It was late in the packing season and Rock Creek only had one more trip in the area where Jasper had disappeared. We hoped if he was still alive, he might join their stock. No such luck. Then about a week later, we heard a rumor about a wild black mule that had been seen at Junction Meadow. A few days after that there was another story about a stray mule that came by someone's camp at Crabtree. A few of us secretly hope it might be Jasper, but it wasn't all that likely. As the weeks of fall passed, hope faded. Winter in the high country can start as early as September, and any mule caught in heavy snow is done for. Then we heard that some people at Big Whitney Meadow had caught a loose mule, but it had broken free during the night. Big Whitney was off the main trail but was the way we had come on our trip. That's when we were sure it was Jasper. He was backtracking our trip and was only one more pass from the roadhead at Horseshoe Meadows. When he reached Horseshoe, packers from Cottonwood Pack Station tried to rope him but he got away. Finally, he got on the 12 miles of paved road that climbs down the east face of the Sierra from
Horseshoe to Lone Pine. He marched right down that road ignoring traffic and anything else that might have gotten in his way. He was two miles from the outfit's winter pasture at Diaz Lake when a cattle guard and fences finally stopped him. By this time, he had been on the trail for close to three weeks covering almost 60 miles. He had refused to be stopped, caught or tied. Every stockman in the Eastern Sierra had been following the rumors and was rooting for Jasper to survive his great journey. So when Bob Olin from the Forest Service saw an old black mule standing in the middle of the road gazing toward Diaz pasture, he knew who it was. He caught him and called Craig. And that's how Jasper finally came home. And everybody working for the outfit had to admit that he was a lot more mule than any of us had ever thought.

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I See By Your Outfit That You Are A Cowboy

Return with me once again to the packing days in the High Sierra. As you may remember from past tales, I am Irene, the little round pack cook, guide and occasional storyteller. I travel the high lonesome with many of the great and not-so-great in the horse packing business. Over the years I have seen many kids come to the mountains as useless, young gunsels. It's surprising how many of them turn into genuine hands in gunselonly a year or two. Of course we also get the occasional "Hollywood cowboy" who arrives with a lot of talk and not much else. Most of them don't last a season, but some stay on for a while. They usually leave just about as green as they came except now their stories are longer. The only real advantage to having one of these guys around is that the single female guests are sometimes harboring a "western romance novel" fantasy about an affair with a "real cowboy" and these guys are willing to be part of that fantasy. Most of these guys were pretty good looking which I'm sure was part of the problem. These kinds of guys don't do much work but they do keep the guests happy. Since I don't have much patience with them, they're usually not too fond of me either.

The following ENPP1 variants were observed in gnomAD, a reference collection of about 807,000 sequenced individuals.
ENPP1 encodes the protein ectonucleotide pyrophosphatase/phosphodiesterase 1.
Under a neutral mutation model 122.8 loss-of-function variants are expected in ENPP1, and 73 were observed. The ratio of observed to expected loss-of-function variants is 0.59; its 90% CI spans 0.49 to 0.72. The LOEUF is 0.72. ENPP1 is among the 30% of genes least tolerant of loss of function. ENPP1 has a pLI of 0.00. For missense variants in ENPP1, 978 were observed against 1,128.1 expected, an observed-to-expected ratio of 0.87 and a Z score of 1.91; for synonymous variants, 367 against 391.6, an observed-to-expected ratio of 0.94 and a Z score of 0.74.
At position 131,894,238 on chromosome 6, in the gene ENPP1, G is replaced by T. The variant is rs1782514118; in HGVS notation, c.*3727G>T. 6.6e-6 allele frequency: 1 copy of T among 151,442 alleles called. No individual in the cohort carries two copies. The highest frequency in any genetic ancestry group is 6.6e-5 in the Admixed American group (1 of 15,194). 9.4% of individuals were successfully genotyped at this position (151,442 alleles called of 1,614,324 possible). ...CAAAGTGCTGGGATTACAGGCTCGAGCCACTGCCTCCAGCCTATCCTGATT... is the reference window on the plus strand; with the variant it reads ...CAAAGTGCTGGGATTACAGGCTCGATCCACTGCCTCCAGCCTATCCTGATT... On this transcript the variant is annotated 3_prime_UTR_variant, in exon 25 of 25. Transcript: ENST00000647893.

WARNING: The following tales contain considerable badmouthing. If you are offended by negative opinions, please to another story.

Well, first off there was Ted. We worked together at Mt. Whitney Pack Trains when he first came to Owens Valley. In later years he worked for some of the local ranches, so maybe he finally earned his spurs. At the time I knew him, he was pretty green but tried real hard to convince everyone that he knew more about stock than any other living person. That made him pretty hostile to anyone who questioned his abilities. I remember one time when he was loading up the final string for a Trail Riders trip leaving out of Horseshoe Meadows. All the other strings had already pulled out and I was waiting to bring up the drag. What was slowing Ted down was that he kept wasting time talking about how good he was. Finally he started bragging that he could tie a diamond hitch faster than anybody, maybe under 30 seconds. Being tired of his mouth and having little ability to control my own, I drawled that I had in fact tied a diamond in twelve seconds flat. Now that wasn't exactly a lie. I just didn't mention that at the time I was practicing on a set of empty boxes thrown over the hitching rail. Taking up the challenge. Ted said that if a useless little bitch like me could tie in twelve seconds, by God, he could tie in ten. In his enthusiasm, he put a little extra swing on his lash cinch and instead of whipping it over the top of the pack load and under the mule, he threw it about 20 feet up a pine tree. When several hard pulls failed to dislodge it, he was forced to climb the tree to get his cinch back. Since the tree was a young lodgepole with lots of close packed, bristly branches Ted had quite a battle to retrieve his rope. By the time he emerged looking like he'd lost a fight with a bobcat, I was laughing pretty hard. That night the boss bawled me out for causing Ted to waste more time. He was right and I was ashamed, but darn, it was funny.